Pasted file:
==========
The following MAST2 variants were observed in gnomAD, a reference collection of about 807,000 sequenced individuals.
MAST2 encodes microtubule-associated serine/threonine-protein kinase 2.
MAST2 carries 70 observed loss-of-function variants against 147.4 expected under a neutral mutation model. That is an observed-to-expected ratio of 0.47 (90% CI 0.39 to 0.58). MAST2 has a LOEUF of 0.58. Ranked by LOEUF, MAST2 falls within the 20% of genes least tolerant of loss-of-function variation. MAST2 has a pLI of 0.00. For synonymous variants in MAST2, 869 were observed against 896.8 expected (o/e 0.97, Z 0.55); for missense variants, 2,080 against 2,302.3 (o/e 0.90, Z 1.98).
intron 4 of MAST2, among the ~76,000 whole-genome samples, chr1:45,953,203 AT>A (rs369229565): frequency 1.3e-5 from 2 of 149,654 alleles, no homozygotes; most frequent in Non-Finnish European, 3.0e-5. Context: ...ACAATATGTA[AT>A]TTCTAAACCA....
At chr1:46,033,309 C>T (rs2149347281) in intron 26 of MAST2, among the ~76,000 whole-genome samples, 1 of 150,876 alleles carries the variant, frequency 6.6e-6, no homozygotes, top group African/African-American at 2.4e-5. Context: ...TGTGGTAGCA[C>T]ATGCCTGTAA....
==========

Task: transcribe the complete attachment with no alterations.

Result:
The following MAST2 variants were observed in gnomAD, a reference collection of about 807,000 sequenced individuals.
MAST2 encodes microtubule-associated serine/threonine-protein kinase 2.
MAST2 carries 70 observed loss-of-function variants against 147.4 expected under a neutral mutation model. That is an observed-to-expected ratio of 0.47 (90% CI 0.39 to 0.58). MAST2 has a LOEUF of 0.58. Ranked by LOEUF, MAST2 falls within the 20% of genes least tolerant of loss-of-function variation. MAST2 has a pLI of 0.00. For synonymous variants in MAST2, 869 were observed against 896.8 expected (o/e 0.97, Z 0.55); for missense variants, 2,080 against 2,302.3 (o/e 0.90, Z 1.98).
intron 4 of MAST2, among the ~76,000 whole-genome samples, chr1:45,953,203 AT>A (rs369229565): frequency 1.3e-5 from 2 of 149,654 alleles, no homozygotes; most frequent in Non-Finnish European, 3.0e-5. Context: ...ACAATATGTA[AT>A]TTCTAAACCA....
At chr1:46,033,309 C>T (rs2149347281) in intron 26 of MAST2, among the ~76,000 whole-genome samples, 1 of 150,876 alleles carries the variant, frequency 6.6e-6, no homozygotes, top group African/African-American at 2.4e-5. Context: ...TGTGGTAGCA[C>T]ATGCCTGTAA....